Murder by Death is a quartet from Bloomington, Indiana whose music is an unusual stew of gothic Americana, punk, rockabilly and Tex-Mex instrumental sounds – a band whose taste runs along an axis stretching from Joy Division to Calexico, ending in a series of vaguely apocalyptic concept albums.

For their show at Mavericks – a boxy club stripped of all furniture except for the bar and a table-chair combination for the ticket-taker to sit at – they were accompanied by local combos Sadie Hell and the Murder Plans.

Sadie Hell is primarily the work of one man, Ben Welland, and a revolving cast of drummers and guitarists as well the occasional bongo player or saxophonist. Since their regular lineup included a cellist for a long time – a feature shared by Murder by Death – as well as a similarly sinister lyrical outlook, it was little surprise to see them as an opener.On this occasional Welland was aided by his regular drummer, his brother on guitar and a saxophonist. They played a capable but short set, ending with their popular audience howl-along, ‘The Wolf Can’.

The Murder Plans may well have been selected for their name along, since the quartet’s music – a wistful but energetic amalgam of British indie rock circa 1985 – makes them better suited to open for a band like the Wrens or the Wedding Present. Sonic incongruity aside, their set was well-received by an audience that was breaking the 100-person mark.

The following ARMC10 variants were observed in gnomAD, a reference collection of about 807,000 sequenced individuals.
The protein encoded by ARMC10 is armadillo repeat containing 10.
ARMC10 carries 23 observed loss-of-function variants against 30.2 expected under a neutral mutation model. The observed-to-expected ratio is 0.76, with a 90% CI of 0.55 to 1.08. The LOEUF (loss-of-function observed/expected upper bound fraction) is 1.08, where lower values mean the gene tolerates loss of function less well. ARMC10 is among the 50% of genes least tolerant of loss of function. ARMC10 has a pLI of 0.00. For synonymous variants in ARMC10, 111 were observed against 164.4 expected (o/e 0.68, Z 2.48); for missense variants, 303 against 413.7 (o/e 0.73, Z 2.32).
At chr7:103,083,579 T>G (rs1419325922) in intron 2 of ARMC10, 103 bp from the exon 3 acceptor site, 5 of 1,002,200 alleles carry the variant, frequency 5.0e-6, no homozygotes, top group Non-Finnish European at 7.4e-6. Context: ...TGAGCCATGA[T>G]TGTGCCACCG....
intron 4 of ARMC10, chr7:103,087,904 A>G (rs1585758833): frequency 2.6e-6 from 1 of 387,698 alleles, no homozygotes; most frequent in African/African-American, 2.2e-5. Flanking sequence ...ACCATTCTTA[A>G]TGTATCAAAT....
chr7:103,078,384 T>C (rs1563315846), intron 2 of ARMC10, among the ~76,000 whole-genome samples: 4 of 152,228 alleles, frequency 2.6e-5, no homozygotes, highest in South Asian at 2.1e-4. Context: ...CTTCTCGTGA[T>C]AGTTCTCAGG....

Then it was time for Murder by Death to sing their songs of death and drinking – “All the good stuff” as baritone singer Adam Turla put it.

While the band’s lyrics paint an unrelentingly bleak picture, between-song banter painted a more jovial picture of a group willing to confess their love for Spinal Tappish animated show ‘Metacopalypse’ (“We’ve watched it about 10 times through in the van”), joke about their tendency to give songs long unwieldy names and debate the pro and cons of waking up covered in vomit (cellist Sarah’s raised eyebrows plainly conveyed she was more on the con side of that particular debate).

They also have a sentimental side it seems, playing ‘The Big Sleep’ by request for a man and his fiance (granted, it’s about a man on death row ...).

After a stellar set, Murder by Death concluded with a solo turn by Turla, singing ‘Shiola’ and a furious instrumental number.

The road-seasoned band performed show No. 1,000 shortly before their Canadian tour, and it showed in their tightly wound performance.

Murder by Death Set List:

Dead and Gone
52 Ford
A Masters in Reverse Psychology
Steal Away
The Big Sleep
Brother/Killbot 2000
The Devil in Mexico
Comin’ Home
Dynamite Mine
Until Morale Improves
The Beatings Will Continue
Spring Break 1899



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